Father H                  

Sunday, December 13, 2015

Third Sunday of Advent - December 13, 2015

Gaudete in Domino semper iterum dico gaudete. That is the Latin for the line from today’s second reading, “Rejoice in the Lord always. I shall say it again: rejoice!” I give you the Latin, from the Vulgate translation of St. Jerome, because this Third Sunday of Advent is often referred to as “Gaudete Sunday.” This is our day of rejoicing that the Lord’s coming is drawing near. This is the day we light the rose colored candle on the Advent wreath. Rose is a brighter color but one that that complements the purple of the other three weeks. So the rose candle reminds us that we have not yet arrived, but there is joy at the coming of the Lord.

That is an important message for us as we try to keep the balance between the impatience of waiting and the joy of the Lord’s coming. Sometimes, though, joy can be hard to find. Just consider all the violence in our world. The terrorism in Paris recently, followed by shooting incidents in our country, leave us wondering where we are headed. Perhaps part of the uneasiness comes from our modern twenty-four hour news cycle, which leads to greater coverage of events that would only have received passing mention years ago. But whether it is perception or reality, the news we face makes it difficult to follow St. Paul’s urging to rejoice.

The key is to realize that Paul tells us to rejoice “in the Lord.” After the recent shooting in San Bernadino, California, a number of political leaders made statements about praying for the victims. In response, The New York Daily News ran a large headline proclaiming, “God isn’t fixing this.” In what was quickly labeled “prayer shaming,” quite a few people (including some on my Facebook feed) told these politicians to stop praying and to do something about it. Now I can understand if the editorialists thought that the statements of prayer were empty without action. But to complain about the offer of prayer is counterproductive at best. The only hope we have for joy, now or in any time in the world’s history, is to prepare for the Lord’s coming. Certainly we have to put our faith into action. But first and foremost, our actions have to be grounded in the peace that only Christ can give.

I often think of a scene from the old TV show M*A*S*H. There was a crisis in the camp on one episode, and everyone was running around trying to deal with it. The camp chaplain, Father Mulcahy, asked Colonel Potter if there was anything he could do to help. Colonel Potter said, “Pray, Father.” Father Mulcahy complained, “That’s all I ever get to do.” But for us, particularly in Advent, our prayer reminds us that Christ has promised never to leave us. He will bring peace to a troubled world, and He will offer hope in hopeless situations. For us, the message is clear: “Rejoice in the Lord always. I shall say it again: rejoice.”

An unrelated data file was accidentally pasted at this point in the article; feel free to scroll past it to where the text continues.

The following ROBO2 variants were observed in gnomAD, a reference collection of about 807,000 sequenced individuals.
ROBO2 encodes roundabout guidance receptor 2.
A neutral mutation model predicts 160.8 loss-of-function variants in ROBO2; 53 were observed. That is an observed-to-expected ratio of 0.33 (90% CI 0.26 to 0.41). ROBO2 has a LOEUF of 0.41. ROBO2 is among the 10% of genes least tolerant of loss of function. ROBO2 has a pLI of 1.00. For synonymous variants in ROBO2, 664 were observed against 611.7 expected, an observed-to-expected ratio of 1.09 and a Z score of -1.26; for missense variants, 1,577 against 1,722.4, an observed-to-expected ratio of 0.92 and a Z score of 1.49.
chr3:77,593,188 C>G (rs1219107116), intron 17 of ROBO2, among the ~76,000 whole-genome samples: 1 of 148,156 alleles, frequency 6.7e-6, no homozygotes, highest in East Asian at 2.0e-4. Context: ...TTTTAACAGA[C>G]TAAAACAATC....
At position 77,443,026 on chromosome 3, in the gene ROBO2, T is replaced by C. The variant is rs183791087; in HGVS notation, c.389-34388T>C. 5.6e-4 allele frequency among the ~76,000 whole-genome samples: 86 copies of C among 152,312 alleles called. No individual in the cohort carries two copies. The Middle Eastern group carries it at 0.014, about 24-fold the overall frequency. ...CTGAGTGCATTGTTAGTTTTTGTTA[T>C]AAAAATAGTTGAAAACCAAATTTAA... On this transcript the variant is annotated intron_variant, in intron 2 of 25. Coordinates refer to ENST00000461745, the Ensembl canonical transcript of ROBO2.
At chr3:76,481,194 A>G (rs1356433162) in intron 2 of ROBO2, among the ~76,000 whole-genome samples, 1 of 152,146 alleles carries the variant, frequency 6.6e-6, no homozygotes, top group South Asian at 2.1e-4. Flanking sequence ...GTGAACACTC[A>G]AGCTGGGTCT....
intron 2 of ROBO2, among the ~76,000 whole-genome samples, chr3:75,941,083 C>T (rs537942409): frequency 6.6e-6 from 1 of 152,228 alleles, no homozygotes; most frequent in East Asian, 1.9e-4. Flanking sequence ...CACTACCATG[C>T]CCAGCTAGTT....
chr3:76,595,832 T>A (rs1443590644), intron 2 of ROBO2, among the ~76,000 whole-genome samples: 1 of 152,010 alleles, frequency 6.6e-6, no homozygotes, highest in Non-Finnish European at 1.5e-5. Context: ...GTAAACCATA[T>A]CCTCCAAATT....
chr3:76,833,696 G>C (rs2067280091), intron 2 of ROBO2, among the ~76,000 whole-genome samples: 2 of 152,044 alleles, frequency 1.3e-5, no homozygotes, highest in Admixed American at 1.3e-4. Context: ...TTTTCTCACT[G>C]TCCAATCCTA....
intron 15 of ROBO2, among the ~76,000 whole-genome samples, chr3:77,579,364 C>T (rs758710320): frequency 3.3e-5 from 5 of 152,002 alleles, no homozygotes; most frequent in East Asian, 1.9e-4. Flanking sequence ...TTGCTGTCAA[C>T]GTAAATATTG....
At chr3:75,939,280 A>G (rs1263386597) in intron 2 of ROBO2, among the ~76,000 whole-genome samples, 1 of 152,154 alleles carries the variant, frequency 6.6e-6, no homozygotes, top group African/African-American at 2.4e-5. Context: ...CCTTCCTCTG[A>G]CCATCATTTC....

Father H        

Second Sunday of Advent - December 6, 2015

   I would like to begin today’s column by picking up where I left off. Last week, in writing about the beginning of Advent, I noted that this season is not as penitential in nature as Lent. But there is still a penitential aspect to the season. As I noted, Pope Francis has decreed this coming year as a Year of Mercy, an opportunity for us to seek God’s merciful love, beginning this Tuesday on the feast of the Immaculate Conception.

I like the story of a priest who was teaching children about Confession. He asked the class, “What’s the first thing you have to do if you want to go to Confession?” One little boy raised his hand and answered, “Commit a sin.” The priest could not deny that was an important first step, but he had been taking it for granted that we already have committed some sin. For this Year of Mercy, though, the boy had a good insight. It’s not that we go out and commit a sin just so that we can experience God’s mercy. But the problem these days is that have to admit that we have are sinners. That part is easy to overlook in our society. The attitude of our society today was expressed in the title of a popular book from the 1960s, I’m Okay, You’re Okay. The idea is that I make choices for myself, and nobody can say anything about them. Some secular commentators have taken some of Pope Francis’ words out of context to make it sound like the Holy Father advocates a similar position. By proclaiming a Year of Mercy, the Pope is making it clear that we need the mercy of God. He challenges us to be aware of sin, but not in any hopeless way. Rather, we can stand up to the sins of our lives because we are confident that Christ offers us a better way.

Pope Francis got people’s attention when he explicitly included abortion in writing of the Year of Mercy. The Pope said, “One of the serious problems of our time is clearly the changed relationship with respect to life. A widespread and insensitive mentality has led to the loss of the proper personal and social sensitivity to welcome new life.” He then granted every priest the right to absolve the sin of abortion in Confession. For most of the United States, that decision does not make a legal difference, for most US bishops have already granted the right to priests. Yet even here, the fact that Pope Francis made that announcement may give hope to women who have been struggling with guilt to know that forgiveness is available.

As part of the Year of Mercy, the Diocese of Pittsburgh again sponsors The Light is On For You, an opportunity to receive mercy in a sacramental way. Like every parish in the diocese, St. Malachy will be open for Confessions this Wednesday evening, December 9, from 6:00 to 9:00. So feel free to come here or to go to any parish in the diocese. God is waiting to share His mercy with us.

                                                                                                     Father H